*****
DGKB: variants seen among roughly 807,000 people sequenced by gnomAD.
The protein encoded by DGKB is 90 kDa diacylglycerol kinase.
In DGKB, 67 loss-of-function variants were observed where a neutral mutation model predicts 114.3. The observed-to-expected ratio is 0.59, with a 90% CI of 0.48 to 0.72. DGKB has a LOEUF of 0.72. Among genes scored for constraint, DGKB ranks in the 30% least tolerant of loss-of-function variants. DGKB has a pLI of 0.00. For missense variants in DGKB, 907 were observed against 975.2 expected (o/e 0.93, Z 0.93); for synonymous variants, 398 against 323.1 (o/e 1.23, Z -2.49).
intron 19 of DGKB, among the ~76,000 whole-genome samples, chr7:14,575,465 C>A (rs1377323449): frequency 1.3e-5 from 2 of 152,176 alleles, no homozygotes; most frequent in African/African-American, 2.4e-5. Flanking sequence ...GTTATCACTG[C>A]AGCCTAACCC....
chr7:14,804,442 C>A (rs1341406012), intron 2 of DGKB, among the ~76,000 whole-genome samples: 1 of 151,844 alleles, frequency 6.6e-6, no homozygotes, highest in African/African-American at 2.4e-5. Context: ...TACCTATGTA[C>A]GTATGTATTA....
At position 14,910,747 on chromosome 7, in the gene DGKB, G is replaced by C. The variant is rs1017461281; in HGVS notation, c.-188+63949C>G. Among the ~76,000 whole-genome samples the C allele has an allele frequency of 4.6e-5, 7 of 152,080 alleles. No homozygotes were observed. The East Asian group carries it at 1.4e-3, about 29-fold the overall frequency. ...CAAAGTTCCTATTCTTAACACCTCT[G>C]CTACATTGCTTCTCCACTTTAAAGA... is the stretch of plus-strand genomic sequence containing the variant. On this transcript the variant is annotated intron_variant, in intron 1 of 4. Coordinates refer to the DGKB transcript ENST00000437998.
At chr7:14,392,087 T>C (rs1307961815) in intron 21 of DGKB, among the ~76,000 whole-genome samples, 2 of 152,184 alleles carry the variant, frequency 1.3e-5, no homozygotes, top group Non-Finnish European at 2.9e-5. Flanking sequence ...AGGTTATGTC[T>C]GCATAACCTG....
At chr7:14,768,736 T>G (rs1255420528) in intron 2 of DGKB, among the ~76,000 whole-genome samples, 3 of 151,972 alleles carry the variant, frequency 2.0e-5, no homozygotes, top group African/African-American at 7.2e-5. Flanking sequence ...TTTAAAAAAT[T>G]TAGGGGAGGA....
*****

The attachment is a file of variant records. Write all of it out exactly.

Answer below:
DGKB: variants seen among roughly 807,000 people sequenced by gnomAD.
The protein encoded by DGKB is 90 kDa diacylglycerol kinase.
In DGKB, 67 loss-of-function variants were observed where a neutral mutation model predicts 114.3. The observed-to-expected ratio is 0.59, with a 90% CI of 0.48 to 0.72. DGKB has a LOEUF of 0.72. Among genes scored for constraint, DGKB ranks in the 30% least tolerant of loss-of-function variants. DGKB has a pLI of 0.00. For missense variants in DGKB, 907 were observed against 975.2 expected (o/e 0.93, Z 0.93); for synonymous variants, 398 against 323.1 (o/e 1.23, Z -2.49).
intron 19 of DGKB, among the ~76,000 whole-genome samples, chr7:14,575,465 C>A (rs1377323449): frequency 1.3e-5 from 2 of 152,176 alleles, no homozygotes; most frequent in African/African-American, 2.4e-5. Flanking sequence ...GTTATCACTG[C>A]AGCCTAACCC....
chr7:14,804,442 C>A (rs1341406012), intron 2 of DGKB, among the ~76,000 whole-genome samples: 1 of 151,844 alleles, frequency 6.6e-6, no homozygotes, highest in African/African-American at 2.4e-5. Context: ...TACCTATGTA[C>A]GTATGTATTA....
At position 14,910,747 on chromosome 7, in the gene DGKB, G is replaced by C. The variant is rs1017461281; in HGVS notation, c.-188+63949C>G. Among the ~76,000 whole-genome samples the C allele has an allele frequency of 4.6e-5, 7 of 152,080 alleles. No homozygotes were observed. The East Asian group carries it at 1.4e-3, about 29-fold the overall frequency. ...CAAAGTTCCTATTCTTAACACCTCT[G>C]CTACATTGCTTCTCCACTTTAAAGA... is the stretch of plus-strand genomic sequence containing the variant. On this transcript the variant is annotated intron_variant, in intron 1 of 4. Coordinates refer to the DGKB transcript ENST00000437998.
At chr7:14,392,087 T>C (rs1307961815) in intron 21 of DGKB, among the ~76,000 whole-genome samples, 2 of 152,184 alleles carry the variant, frequency 1.3e-5, no homozygotes, top group Non-Finnish European at 2.9e-5. Flanking sequence ...AGGTTATGTC[T>C]GCATAACCTG....
At chr7:14,768,736 T>G (rs1255420528) in intron 2 of DGKB, among the ~76,000 whole-genome samples, 3 of 151,972 alleles carry the variant, frequency 2.0e-5, no homozygotes, top group African/African-American at 7.2e-5. Flanking sequence ...TTTAAAAAAT[T>G]TAGGGGAGGA....